Tribune, 7 December 1990
John Major’s accession to the Tory leadership could make it more difficult for Labour to provide effective opposition, writes Paul Anderson
The Tories’ choice of John Major as leader has already had a dramatic effect on British politics.
Less than a month ago, it seemed most unlikely that the Conservatives could win the next election. The party was running consistently behind Labour in the opinion polls and was split down the middle on Europe. In Margaret Thatcher, the Tories had a leader who was an electoral liability but apparently impossible to replace without a spectacular bout of blood-letting. All Labour needed to do, it seemed, was to sit back and wait.
Today the picture has been completely changed. Mrs Thatcher has gone. The Tories have united behind Mr Major and leapt ahead in the opinion polls. The poll tax is to be reformed and a more conciliatoryline taken on Europe. The least popular figures of Mrs Thatcher’s Government have been eased out of the limelight. Cabinet government is to be restored.
Of course, public enthusiasm for Mr Major might be just a passing fad. Unemployment is set to rise as the economy enters the deepest recession for a decade, yet it is unlikely that interest rates will come down significantly for several months.
If war breaks out in the Gulf, heavy British casualties would harm the Government in the short term -and in the long term the effects of a Gulf war on the economy could be disastrous. In the even longer term, the ceasefire on European policy within the Tory Party will break down if the rest of Europe forces the pace on monetary and political union.
But even a mere blip in the Tories’ popularity could last long enough to keep them in power for another term. If, in early January, the opinion polls still show a Tory lead, it is highly probable that Mr Major will go to the country some time in the spring, perhaps as early as February – whatever he says now. Labour knows this, and is hurriedly gearing up its campaigning for a snap election.
This means that big changes in Labour’s basic policy to counter the new-look Tories are virtually impossible: there simply isn’t time for anything but minor adjustments.
It also means that, despite the speculation in the newspapers, Neil Kinnock’s position as Labour leader is secure this side of a general election. The opinion polls show that Labour would do better with John Smith as leader, but the whole of the Labour leadership recognises that attempting to replace Mr Kinnock involves greater risk than uniting behind him. Apart from anything else, the process of choosing a new leader would take longer than the minimum length of a general election campaign.
In the short term, Labour has no alternative but to force its way back into public view, emphasising the coherence of its package of policies and the competence of its leaders, doing all it can to ensure that Mr Major’s honeymoon is over by the new year.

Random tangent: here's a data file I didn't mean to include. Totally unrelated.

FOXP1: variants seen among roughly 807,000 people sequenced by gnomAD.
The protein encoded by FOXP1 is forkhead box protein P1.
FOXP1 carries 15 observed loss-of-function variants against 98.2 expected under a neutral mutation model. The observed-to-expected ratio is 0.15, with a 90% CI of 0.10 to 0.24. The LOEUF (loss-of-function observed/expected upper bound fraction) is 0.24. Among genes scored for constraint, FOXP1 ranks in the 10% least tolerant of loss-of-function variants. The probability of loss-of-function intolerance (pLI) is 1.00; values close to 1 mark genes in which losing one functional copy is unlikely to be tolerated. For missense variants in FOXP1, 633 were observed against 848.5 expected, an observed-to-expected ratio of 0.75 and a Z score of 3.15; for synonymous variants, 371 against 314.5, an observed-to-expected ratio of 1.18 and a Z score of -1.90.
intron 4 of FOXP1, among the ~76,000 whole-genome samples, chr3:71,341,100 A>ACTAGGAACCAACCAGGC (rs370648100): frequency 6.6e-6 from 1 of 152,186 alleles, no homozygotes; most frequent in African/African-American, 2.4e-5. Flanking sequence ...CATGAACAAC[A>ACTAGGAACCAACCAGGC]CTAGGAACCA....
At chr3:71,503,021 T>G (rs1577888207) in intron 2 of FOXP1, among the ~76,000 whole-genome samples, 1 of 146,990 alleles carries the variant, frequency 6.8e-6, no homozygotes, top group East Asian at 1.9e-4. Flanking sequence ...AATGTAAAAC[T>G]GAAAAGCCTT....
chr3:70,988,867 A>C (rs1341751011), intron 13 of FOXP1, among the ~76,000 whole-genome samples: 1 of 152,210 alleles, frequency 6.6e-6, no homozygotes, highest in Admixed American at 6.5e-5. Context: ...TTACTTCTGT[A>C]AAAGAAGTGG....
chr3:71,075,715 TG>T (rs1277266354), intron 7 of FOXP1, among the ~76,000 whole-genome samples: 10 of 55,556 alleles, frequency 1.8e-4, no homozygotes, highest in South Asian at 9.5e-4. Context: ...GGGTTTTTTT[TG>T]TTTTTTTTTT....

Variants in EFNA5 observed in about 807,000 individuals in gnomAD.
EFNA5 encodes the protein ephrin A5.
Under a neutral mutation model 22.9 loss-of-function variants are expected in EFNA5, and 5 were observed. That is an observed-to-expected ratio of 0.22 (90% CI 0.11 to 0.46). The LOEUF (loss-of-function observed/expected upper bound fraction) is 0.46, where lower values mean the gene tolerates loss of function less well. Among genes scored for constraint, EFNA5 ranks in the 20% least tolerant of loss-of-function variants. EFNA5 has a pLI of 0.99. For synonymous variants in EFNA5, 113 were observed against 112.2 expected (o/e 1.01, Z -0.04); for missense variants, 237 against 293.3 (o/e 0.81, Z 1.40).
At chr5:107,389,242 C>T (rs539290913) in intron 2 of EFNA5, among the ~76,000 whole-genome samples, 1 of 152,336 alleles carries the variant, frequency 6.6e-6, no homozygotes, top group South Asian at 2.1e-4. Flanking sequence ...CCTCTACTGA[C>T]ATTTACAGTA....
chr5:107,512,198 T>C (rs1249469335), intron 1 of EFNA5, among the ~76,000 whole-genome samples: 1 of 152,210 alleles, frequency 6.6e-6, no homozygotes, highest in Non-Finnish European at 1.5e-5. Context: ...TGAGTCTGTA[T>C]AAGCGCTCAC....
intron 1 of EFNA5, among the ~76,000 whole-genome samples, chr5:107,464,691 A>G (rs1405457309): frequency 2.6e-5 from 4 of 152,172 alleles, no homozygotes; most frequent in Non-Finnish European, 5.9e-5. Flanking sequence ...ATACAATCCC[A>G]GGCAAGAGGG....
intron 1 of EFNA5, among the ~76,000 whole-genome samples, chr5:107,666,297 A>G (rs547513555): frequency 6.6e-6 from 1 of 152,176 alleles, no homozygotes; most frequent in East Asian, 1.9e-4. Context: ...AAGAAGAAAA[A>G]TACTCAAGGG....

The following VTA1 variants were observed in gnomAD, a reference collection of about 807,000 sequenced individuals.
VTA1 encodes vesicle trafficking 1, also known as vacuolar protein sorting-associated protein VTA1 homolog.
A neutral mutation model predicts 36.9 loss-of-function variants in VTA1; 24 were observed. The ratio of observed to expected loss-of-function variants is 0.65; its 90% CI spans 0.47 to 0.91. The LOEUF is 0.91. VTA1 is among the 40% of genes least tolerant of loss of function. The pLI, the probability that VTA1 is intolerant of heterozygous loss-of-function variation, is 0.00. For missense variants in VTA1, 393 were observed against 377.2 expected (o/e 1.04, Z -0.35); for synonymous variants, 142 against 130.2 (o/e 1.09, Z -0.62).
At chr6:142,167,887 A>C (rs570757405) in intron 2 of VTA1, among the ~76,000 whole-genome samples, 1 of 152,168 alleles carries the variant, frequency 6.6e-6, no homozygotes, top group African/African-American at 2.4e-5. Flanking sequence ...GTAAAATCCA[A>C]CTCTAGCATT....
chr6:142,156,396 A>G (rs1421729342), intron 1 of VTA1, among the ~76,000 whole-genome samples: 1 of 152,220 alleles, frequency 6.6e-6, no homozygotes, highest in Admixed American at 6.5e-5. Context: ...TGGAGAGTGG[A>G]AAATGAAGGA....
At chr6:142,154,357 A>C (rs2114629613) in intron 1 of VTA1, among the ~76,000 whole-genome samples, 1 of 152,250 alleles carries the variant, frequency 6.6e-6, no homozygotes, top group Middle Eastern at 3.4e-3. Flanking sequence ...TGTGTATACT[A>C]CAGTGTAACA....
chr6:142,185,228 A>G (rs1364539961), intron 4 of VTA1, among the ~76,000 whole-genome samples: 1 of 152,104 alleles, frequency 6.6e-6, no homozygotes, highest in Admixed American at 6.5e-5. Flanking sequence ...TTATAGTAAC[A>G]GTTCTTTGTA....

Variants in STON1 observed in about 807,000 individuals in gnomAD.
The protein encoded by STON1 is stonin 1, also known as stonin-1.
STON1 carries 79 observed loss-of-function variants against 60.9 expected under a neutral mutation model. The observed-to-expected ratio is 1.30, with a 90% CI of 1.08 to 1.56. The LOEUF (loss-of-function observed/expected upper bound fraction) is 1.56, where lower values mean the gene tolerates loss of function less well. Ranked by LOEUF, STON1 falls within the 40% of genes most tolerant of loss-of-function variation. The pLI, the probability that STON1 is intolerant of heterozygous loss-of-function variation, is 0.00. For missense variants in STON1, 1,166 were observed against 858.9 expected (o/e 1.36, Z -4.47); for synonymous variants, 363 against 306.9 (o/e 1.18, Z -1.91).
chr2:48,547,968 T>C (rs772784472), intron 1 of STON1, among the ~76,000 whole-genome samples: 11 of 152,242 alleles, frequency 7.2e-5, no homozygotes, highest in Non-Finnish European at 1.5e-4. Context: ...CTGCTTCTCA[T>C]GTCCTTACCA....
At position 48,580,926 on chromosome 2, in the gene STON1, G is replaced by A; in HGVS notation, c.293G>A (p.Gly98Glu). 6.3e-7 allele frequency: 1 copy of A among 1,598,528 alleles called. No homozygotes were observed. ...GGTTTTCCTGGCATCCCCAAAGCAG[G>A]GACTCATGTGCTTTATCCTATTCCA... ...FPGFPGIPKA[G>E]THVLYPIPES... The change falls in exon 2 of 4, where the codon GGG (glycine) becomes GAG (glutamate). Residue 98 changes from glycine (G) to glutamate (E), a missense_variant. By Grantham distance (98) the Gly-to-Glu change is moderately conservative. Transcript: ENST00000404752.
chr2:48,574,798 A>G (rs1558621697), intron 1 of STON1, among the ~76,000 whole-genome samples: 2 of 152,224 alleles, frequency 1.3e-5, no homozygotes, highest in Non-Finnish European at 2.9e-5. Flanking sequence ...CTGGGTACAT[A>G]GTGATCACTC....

The danger for Labour is that Mr Major’s honeymoon will last until the general election, which he will then win by a comfortable margin. Mr Major might be “the boring man with the glasses” to Spitting Image, but he has already persuaded most of Britain’s quality newspaper columnists that he is a technocratic pro-European social liberal, committed to the market as well as to the welfare state – rather like David Owen, in fact, and not that far removed from the modern Mr Kinnock.
That is bad enough for Labour. But the party’s nightmare is that Mr Major will convince skilled workers who have shifted allegiance from Tory to Labour in the past couple of years that he will replace the poll tax, get interest rates down and spend more money on education, health and transport, all without giving too much power to the unions, raising income tax or leaving the country defenceless.
The root of Labour’s problem is that its political strategy over the past seven years has beer to appeal to the self-interest of affluent skilled workers while occupying the centre ground ideologically.
In the 1987-89 policy review and subsequently, Labour has adopted policies that have much in common with those of the Centre parties and the pro-Europe left of the Conservative Party.
Labour has abandoned the last vestiges of Keynesianism to advocate tight fiscal and monetary policies. It no longer proposes nationalisation and is cautious about any form of intervention in industry. Labour is against high taxation and for home-ownership, and its enthusiasm for the EC and NATO is unrivalled.
This strategy certainly had its critics on the Labour left, but the alternatives on offer were electoral-ly worse (particularly the hard left’s “vision” of nationalisation and a siege economy). More importantly, the strategy worked while Mrs Thatcher was in office. But the result today is that Labour does not seem to be saying much that the Tories are not saying.
This is not to claim that there are not many policy differences between Labour and the Tories: it’s just that the differences suddenly seem not matters of broad principle but questions of detail within a shared framework of assumptions. That makes the big issue of the next election the competence of Britain’s would-be rulers. Here the Tories are vulnerable to Labour’s attacks, particularly on the economy. Only a fool would dismiss Labour’s chances. But it’s hardly the election campaign that Mr Kinnock was planning to fight, and it’s not going to be easy.